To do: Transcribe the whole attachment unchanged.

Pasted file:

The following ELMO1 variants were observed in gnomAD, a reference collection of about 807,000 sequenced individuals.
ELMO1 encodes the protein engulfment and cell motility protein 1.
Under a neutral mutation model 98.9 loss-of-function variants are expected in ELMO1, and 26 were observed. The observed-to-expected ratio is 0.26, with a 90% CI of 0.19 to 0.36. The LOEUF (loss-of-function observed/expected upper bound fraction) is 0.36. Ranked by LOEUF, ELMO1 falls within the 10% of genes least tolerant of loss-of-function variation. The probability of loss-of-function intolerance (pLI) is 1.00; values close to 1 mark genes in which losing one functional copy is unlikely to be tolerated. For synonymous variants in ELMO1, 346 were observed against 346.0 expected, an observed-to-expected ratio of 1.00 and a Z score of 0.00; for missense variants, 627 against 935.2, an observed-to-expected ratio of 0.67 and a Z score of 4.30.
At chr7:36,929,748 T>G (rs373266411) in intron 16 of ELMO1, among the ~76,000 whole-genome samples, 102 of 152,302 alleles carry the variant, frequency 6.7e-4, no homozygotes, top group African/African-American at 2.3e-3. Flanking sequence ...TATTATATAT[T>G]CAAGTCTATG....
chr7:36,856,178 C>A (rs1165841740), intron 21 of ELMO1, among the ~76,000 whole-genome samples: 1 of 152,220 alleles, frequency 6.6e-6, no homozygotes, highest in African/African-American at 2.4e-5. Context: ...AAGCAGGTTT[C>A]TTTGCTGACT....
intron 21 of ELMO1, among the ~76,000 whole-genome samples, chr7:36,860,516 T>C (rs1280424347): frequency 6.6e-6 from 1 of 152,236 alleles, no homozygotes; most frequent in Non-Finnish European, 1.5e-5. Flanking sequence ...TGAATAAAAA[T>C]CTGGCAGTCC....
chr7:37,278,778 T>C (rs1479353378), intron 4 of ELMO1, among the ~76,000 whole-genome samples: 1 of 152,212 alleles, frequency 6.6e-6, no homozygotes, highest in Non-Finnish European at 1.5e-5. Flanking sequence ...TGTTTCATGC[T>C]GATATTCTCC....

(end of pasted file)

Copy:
The following ELMO1 variants were observed in gnomAD, a reference collection of about 807,000 sequenced individuals.
ELMO1 encodes the protein engulfment and cell motility protein 1.
Under a neutral mutation model 98.9 loss-of-function variants are expected in ELMO1, and 26 were observed. The observed-to-expected ratio is 0.26, with a 90% CI of 0.19 to 0.36. The LOEUF (loss-of-function observed/expected upper bound fraction) is 0.36. Ranked by LOEUF, ELMO1 falls within the 10% of genes least tolerant of loss-of-function variation. The probability of loss-of-function intolerance (pLI) is 1.00; values close to 1 mark genes in which losing one functional copy is unlikely to be tolerated. For synonymous variants in ELMO1, 346 were observed against 346.0 expected, an observed-to-expected ratio of 1.00 and a Z score of 0.00; for missense variants, 627 against 935.2, an observed-to-expected ratio of 0.67 and a Z score of 4.30.
At chr7:36,929,748 T>G (rs373266411) in intron 16 of ELMO1, among the ~76,000 whole-genome samples, 102 of 152,302 alleles carry the variant, frequency 6.7e-4, no homozygotes, top group African/African-American at 2.3e-3. Flanking sequence ...TATTATATAT[T>G]CAAGTCTATG....
chr7:36,856,178 C>A (rs1165841740), intron 21 of ELMO1, among the ~76,000 whole-genome samples: 1 of 152,220 alleles, frequency 6.6e-6, no homozygotes, highest in African/African-American at 2.4e-5. Context: ...AAGCAGGTTT[C>A]TTTGCTGACT....
intron 21 of ELMO1, among the ~76,000 whole-genome samples, chr7:36,860,516 T>C (rs1280424347): frequency 6.6e-6 from 1 of 152,236 alleles, no homozygotes; most frequent in Non-Finnish European, 1.5e-5. Flanking sequence ...TGAATAAAAA[T>C]CTGGCAGTCC....
chr7:37,278,778 T>C (rs1479353378), intron 4 of ELMO1, among the ~76,000 whole-genome samples: 1 of 152,212 alleles, frequency 6.6e-6, no homozygotes, highest in Non-Finnish European at 1.5e-5. Flanking sequence ...TGTTTCATGC[T>C]GATATTCTCC....